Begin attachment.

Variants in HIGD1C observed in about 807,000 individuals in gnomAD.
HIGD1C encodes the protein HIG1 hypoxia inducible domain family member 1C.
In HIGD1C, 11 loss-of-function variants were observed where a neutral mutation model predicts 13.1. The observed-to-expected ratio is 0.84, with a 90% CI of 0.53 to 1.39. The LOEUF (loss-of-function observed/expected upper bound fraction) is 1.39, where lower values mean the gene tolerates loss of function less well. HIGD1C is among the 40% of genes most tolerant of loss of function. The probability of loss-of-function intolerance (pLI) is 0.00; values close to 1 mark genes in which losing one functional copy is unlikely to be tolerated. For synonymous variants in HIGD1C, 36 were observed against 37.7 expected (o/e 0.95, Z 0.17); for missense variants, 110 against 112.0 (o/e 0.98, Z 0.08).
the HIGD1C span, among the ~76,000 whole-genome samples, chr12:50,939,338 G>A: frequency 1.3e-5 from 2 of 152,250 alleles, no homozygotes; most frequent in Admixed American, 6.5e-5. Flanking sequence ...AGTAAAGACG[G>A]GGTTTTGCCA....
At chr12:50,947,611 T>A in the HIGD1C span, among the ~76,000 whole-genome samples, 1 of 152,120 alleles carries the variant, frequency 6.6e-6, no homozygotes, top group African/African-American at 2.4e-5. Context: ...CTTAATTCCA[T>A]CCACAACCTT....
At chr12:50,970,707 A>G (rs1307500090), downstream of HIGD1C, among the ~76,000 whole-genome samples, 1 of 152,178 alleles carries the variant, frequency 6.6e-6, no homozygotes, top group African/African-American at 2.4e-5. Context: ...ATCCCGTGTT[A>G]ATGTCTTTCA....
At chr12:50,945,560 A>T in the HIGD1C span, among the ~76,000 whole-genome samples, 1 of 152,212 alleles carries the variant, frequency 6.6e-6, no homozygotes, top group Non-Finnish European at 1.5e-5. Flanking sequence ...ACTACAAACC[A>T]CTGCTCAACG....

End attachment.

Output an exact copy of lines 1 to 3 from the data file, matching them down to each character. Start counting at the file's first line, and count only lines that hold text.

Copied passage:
Variants in HIGD1C observed in about 807,000 individuals in gnomAD.
HIGD1C encodes the protein HIG1 hypoxia inducible domain family member 1C.
In HIGD1C, 11 loss-of-function variants were observed where a neutral mutation model predicts 13.1. The observed-to-expected ratio is 0.84, with a 90% CI of 0.53 to 1.39. The LOEUF (loss-of-function observed/expected upper bound fraction) is 1.39, where lower values mean the gene tolerates loss of function less well. HIGD1C is among the 40% of genes most tolerant of loss of function. The probability of loss-of-function intolerance (pLI) is 0.00; values close to 1 mark genes in which losing one functional copy is unlikely to be tolerated. For synonymous variants in HIGD1C, 36 were observed against 37.7 expected (o/e 0.95, Z 0.17); for missense variants, 110 against 112.0 (o/e 0.98, Z 0.08).